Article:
Making of 'Iron Cat'
Hi guys! In this Making Of I would like to share with you the techniques with which my piece, named Iron Cat, was created.
Basically this started off as a study for work, in which I had to create accessories and ornaments to go with a building reconstruction I was working on (Fig.01). Once I had finished this, I started to think about all the different objects that could be created with this weaving-technique, which lets you build objects creatively.
As the recreation of the actual cat would take some considerable time, allow me to demonstrate this technique using a simple object instead.
Things you will need: An object that you would like to weave and a plugin to work with (Plugin: http://www.guruware.at/main/ - a big thank you to the developers for this very user-friendly tool)
There are a few basic principles which should be followed to make life easier. If possible the object's size should be in proportion to what you would like to create. What does this mean? What it means is that, for example, if you want to create ivy (and its branches) then you shouldn't have the dimensions at 10 x 10cm. If your object is this size, then you will either have to readjust almost everything, or otherwise the plugin will only create a very small number of stalks, as in reality only about two leaves fit on a 10 x 10cm area. Therefore the object you want to weave should be realistically large enough depending on how many stalks we would like to place inside of it.
As the intended object is most likely not going to be a cube, you can play around with the gravity value on the plugin (I usually start generating with the default setting, then when the bottom parts have been woven I adjust the gravity to minimum so the stalks can run higher, not just near the bottom).
Adjust the 3ds Max Parents value depending on how many stalks you want. Remember that the more detailed the object is, the more detailed the weaving will be.
Create a sphere then give it a shell alteration (I'm using a sphere to demonstrate the process, but you can actually use any shape). A shell is needed so you can weave the inside of the object and not the outside! If you try doing the outside then the stalks will branch out of the object, and without a shell the stalks will protrude from within the object (Fig.02).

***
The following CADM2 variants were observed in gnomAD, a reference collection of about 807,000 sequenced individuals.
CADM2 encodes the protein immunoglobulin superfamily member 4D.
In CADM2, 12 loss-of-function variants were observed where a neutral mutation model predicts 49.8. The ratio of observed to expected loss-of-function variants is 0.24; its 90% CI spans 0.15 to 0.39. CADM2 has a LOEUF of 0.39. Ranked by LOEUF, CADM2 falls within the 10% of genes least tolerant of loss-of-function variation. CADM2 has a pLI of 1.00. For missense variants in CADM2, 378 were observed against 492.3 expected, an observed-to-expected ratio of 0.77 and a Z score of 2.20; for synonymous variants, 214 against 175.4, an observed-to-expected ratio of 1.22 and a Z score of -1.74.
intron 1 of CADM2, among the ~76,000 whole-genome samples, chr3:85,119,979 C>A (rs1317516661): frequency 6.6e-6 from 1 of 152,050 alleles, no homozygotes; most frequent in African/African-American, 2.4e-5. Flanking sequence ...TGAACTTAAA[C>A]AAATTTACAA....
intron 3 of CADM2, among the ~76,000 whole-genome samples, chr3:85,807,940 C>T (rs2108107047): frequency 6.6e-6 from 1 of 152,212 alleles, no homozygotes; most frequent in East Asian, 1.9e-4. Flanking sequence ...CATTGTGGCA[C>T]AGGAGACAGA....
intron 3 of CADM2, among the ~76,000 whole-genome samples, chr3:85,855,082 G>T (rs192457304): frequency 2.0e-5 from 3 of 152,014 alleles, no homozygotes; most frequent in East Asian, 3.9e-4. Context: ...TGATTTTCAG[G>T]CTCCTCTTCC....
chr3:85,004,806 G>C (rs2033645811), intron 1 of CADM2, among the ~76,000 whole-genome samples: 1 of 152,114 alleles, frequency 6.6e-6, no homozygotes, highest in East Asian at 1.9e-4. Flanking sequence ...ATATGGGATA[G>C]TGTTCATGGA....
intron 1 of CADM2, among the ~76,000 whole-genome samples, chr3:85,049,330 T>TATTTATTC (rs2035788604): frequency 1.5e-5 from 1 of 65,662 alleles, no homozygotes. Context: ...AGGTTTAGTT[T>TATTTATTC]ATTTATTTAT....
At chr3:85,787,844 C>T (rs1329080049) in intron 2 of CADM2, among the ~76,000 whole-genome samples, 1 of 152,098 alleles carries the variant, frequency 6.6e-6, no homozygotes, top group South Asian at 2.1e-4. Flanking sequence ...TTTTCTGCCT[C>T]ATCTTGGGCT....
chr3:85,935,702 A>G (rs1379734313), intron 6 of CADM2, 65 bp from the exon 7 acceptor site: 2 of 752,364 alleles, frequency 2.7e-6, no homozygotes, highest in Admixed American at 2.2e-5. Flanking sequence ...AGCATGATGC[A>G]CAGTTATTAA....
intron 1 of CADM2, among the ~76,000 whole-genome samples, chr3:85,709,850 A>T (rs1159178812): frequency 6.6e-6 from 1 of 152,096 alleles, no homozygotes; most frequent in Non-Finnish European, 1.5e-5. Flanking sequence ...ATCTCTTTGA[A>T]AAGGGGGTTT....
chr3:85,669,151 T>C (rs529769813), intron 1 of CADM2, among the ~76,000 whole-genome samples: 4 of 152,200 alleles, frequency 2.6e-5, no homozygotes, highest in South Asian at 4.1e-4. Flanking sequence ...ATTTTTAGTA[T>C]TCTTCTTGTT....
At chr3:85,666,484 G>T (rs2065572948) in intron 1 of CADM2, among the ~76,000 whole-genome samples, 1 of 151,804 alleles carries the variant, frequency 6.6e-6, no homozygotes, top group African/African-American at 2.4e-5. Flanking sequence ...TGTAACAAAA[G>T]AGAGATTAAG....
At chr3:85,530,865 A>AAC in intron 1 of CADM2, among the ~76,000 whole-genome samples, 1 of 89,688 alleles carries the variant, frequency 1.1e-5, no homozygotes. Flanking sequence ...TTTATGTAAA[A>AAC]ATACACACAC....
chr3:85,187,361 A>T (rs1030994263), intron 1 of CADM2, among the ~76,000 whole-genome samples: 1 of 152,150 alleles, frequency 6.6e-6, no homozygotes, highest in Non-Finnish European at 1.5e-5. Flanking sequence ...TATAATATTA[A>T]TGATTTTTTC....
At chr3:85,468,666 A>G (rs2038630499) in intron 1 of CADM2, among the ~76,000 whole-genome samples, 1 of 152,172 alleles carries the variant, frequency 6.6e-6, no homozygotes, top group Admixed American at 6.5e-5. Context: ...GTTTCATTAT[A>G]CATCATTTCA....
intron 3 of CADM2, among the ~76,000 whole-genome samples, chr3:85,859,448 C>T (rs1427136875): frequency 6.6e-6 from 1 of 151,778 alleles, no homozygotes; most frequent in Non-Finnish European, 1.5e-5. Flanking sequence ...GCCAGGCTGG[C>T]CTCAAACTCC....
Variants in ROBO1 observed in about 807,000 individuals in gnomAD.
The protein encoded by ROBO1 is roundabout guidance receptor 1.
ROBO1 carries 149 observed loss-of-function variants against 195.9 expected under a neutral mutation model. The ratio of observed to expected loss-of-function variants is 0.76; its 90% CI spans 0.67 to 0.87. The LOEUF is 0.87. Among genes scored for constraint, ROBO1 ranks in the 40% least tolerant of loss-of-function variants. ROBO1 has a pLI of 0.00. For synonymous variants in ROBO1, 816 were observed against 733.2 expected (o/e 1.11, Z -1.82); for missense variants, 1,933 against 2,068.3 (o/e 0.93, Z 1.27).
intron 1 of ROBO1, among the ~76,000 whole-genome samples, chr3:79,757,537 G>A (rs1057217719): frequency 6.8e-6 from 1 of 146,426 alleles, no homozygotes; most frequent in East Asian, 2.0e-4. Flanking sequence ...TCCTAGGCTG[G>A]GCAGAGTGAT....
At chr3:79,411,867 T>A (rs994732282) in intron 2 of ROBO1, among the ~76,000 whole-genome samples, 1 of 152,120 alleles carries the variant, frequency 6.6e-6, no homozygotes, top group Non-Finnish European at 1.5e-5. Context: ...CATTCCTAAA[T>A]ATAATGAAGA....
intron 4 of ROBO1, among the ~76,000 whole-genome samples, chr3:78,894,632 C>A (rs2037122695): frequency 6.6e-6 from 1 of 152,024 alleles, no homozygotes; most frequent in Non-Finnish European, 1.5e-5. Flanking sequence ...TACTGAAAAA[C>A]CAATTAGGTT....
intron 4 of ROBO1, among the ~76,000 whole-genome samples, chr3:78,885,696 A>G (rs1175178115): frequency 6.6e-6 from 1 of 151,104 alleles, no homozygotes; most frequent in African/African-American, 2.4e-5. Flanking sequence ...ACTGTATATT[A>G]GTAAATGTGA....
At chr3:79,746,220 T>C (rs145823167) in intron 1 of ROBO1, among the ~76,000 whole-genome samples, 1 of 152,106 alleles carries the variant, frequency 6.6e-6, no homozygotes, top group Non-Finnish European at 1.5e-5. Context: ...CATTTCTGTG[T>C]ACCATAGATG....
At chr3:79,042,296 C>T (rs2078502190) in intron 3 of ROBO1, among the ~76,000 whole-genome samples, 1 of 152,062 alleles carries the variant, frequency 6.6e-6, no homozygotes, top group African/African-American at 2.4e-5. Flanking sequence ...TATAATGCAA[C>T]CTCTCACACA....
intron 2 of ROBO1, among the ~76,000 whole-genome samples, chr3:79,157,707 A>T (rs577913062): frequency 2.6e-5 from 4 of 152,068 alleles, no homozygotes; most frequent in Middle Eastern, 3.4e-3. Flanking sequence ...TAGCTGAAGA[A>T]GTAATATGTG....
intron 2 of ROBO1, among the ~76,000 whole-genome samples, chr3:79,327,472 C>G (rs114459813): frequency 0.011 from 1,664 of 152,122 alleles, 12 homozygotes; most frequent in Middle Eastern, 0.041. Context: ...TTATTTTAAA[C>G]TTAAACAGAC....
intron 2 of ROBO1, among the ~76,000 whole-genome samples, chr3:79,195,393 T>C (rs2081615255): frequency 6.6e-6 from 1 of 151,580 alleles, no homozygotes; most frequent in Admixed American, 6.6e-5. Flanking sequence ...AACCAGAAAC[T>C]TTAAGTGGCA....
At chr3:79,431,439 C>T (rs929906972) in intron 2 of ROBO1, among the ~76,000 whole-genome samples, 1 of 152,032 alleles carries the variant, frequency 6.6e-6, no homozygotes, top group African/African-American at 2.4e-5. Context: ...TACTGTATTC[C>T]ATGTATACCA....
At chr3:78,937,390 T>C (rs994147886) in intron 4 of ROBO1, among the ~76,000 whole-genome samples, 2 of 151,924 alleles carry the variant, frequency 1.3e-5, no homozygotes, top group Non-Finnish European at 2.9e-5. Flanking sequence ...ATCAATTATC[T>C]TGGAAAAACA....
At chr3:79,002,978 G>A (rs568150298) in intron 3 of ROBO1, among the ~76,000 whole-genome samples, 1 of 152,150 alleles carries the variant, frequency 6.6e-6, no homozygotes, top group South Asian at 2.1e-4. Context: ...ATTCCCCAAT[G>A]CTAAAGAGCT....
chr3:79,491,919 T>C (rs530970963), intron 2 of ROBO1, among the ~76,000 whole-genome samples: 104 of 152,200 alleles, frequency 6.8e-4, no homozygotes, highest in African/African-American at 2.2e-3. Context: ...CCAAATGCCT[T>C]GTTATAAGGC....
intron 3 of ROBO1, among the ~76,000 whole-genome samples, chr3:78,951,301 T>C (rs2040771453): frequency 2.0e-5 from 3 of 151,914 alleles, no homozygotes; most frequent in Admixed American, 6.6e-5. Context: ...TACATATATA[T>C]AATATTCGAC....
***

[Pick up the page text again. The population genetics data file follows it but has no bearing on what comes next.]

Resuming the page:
Place the ivy inside the object and then start generating. It's worth mentioning here that is more aesthetically pleasing to have more stalks running through the object, however this also means a higher polygon volume! After using Turbosmooth I had 13,299,108 polygons! (Fig.03).
Once you've reached the required amount, stop the generation and turn off the leaves. The ivy is now complete, however to allow for further editing, convert it to an editable poly (Fig.04).
Back To The Cat
Returning to Iron Cat, this is the stage where lighting and texturing came in. I put the whole thing into an L-shaped plane like a studio setup (Fig.05) I used three sources of light. For these I made four boxes which guide/arrest the light, similar to that used by photographers.
I turned the lights towards these because I wanted to get the feeling that there were only diffused light in the picture (Fig.06).
The texture for Iron Cat wasn't too complex and consists of VrayDirtmaps (Fig.07). I created two textures for it (Fig.08) and I used VrayDirt because I find it pointless to Unwrap UVW that many polygons. This way I was able to put some rusty and some not so rusty parts into the picture. I then used a simple UV alteration to stretch these onto the mesh.
For the rendering I used VrayPhysical camera and logically a Vray render engine for the following adjustments
Fig.09 - Click to enlarge
The resulting picture was taken to Photoshop where I fine-tuned it - this is where I put the flame and the hairs on. A few words regarding the creation of this: after the picture was completed I really liked the cat's slightly offensive stance, and I thought it would look good to have a flame as if though it was attacking it (Fig.10).
Creating The Flame
I Googled a picture of a candle flame and put in on the given layer in Photoshop. As the background was black, I simply changed it to Linear Dodge with 100% visibility, then I duplicated this layer and changed it to Screen before smudging it with the help of Gaussian Blur (using setting 7). This gave the flame a bit of a glow. Now I just had to adjust the appropriate visibility, which was 60% for me.
After this I created the stripes over the flame using the Knoll Light Factory plugin (http://www.redgiantsoftware.com/products/all/knoll-light-factory-pro/). I opened a new page and filled it black and with the help of the Knoll Light Factory plugin I generated a sort of Chroma Fan (this needs to be added to the existing tools!) (Fig.11).
I then pulled this over the original picture as a new layer and adjusted it to Screen with 29% visibility.
Post - Production
I also gave the image a few layers which influenced the color of the whole picture. In Curve Editor I adjusted the color scale so the picture was bluer and increased the contrast. I gave it a slight CA (Cromatic Aberration) and then duplicated the layer on which there was a high pass (the demonstration of this is not practical as the outcome always depends on the picture and how you use it).
However, in this before and after, you can really see the value that post-production has during the creation of a picture (Fig.12)
Pay heed next time you hear a pro say that render is simply an uncut diamond!
I hope this Making Of was of use to you and that you will be able to employ some of the techniques I used, when creating your very own works of art.